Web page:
In the early 1960s, the meeting place for the Alcorce Family Association was a tiny apartment in Cordoba, Spain. The largest room was the living room, which became the setting for the talks and activities of Christian formation. At Christmas time, a simple but lovely creche was set up in a corner of that living room.
At the beginning of the 70s, Alcorce moved to its present location, a nice house in the heart of the Juderia neighborhood. Alcorce became a well-known site in the city, with many people coming to attend its activities and also to visit its now famous creche.
From a small creche to a workshop for making creches
Over time, the setting up of that first small creche in the Boys Club expanded considerably and eventually became a workshop for a course on how to build creches. Careful attention was paid to the Gospel narrative and archeological data from the era, seeking to recreate as exactly as possible the site of Jesus’ birth. The goal was to make it easy for those who viewed those scenes of Christ’s infancy and the Holy Family to contemplate them as “another person in the scene,” as Saint Josemaria advised.
A high priority was given to finding figures with real artistic quality. With the motto “We are all part of Bethlehem,” a campaign was started to raise the funds needed to purchase figures and set up an attractive creche. In a short time, thanks to the generosity of those attending the activities at Alcorce, this was achieved.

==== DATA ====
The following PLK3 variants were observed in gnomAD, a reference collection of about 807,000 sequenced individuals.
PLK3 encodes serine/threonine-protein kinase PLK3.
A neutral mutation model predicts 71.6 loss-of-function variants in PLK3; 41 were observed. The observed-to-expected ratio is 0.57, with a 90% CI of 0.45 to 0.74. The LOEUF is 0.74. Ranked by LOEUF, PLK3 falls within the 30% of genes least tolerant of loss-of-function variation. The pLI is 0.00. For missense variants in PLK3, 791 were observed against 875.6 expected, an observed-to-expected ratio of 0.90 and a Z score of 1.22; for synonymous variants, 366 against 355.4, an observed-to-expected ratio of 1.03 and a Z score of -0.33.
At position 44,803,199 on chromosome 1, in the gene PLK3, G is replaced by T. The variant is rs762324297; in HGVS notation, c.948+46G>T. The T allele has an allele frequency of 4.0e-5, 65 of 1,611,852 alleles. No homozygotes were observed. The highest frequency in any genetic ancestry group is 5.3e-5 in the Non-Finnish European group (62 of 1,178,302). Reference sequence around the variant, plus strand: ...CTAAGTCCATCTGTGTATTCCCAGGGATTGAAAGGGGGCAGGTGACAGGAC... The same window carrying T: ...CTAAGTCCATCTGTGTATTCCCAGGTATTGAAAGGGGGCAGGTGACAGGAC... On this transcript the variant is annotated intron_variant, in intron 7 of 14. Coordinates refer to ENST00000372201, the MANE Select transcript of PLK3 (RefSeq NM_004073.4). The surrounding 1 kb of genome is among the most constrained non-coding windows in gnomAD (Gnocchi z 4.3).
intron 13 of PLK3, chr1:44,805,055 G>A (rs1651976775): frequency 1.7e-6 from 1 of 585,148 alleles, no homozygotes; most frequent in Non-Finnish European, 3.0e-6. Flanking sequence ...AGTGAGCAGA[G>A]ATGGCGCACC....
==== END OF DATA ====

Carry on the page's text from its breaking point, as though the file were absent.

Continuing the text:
Last year the promotors of the creche workshop considered that the moment had come to take part in the contest organized by the city for the best creche. This required, among other things, keeping the area in the Club’s courtyard open to the public over the Christmas season. Alcorce was awarded one of the first prizes in the competition.
In 2019, over 6,000 people from 54 different countries visited the creche set up under the white Arabic columns in Alcorce’s large courtyard, many of them families with children. They came from places as distant as Australia and Japan, which often provided a good opportunity to explain to the visitors the true meaning of Christmas. The boys from the Club and their parents have helped out greatly in greeting the visitors and explaining the scenes to them.
A married couple, both of whom work as journalists, said during their visit that they always used to put up a creche in their home, but stopped doing so when the woman’s father died. “After seeing this marvelous crib scene, we have decided to reinstate this great tradition,” they added.
Despite all the limitations from the pandemic, there has also been a steady stream of visitors this Christmas season. It has been encouraging to see how many of the families, including young children and grandparents, spend some time at the end of their visit praying before the Nativity scene.
Prayer cards of Saint Josemaria in many different languages
The oratory of the Club has a painting of Saint Josemaria, and many visitors ask about it and take a prayer card of the founder of Opus Dei, which are offered in a display area and ordered according to the different languages.
A visitor from Libya said that, even though he was a Muslim, he deeply admired Jesus, and he took a prayer card of Saint Josemaria in Arabic. A family from Armenia took a prayer card of Saint Josemaria in Russian at the end of their visit. A Mexican lady listened attentively to an explanation of the creche in Spanish while translating it into English for her American husband, who in turn translated it into Russian for his parents from Belarus. Of course when they left they took three different prayer cards with them.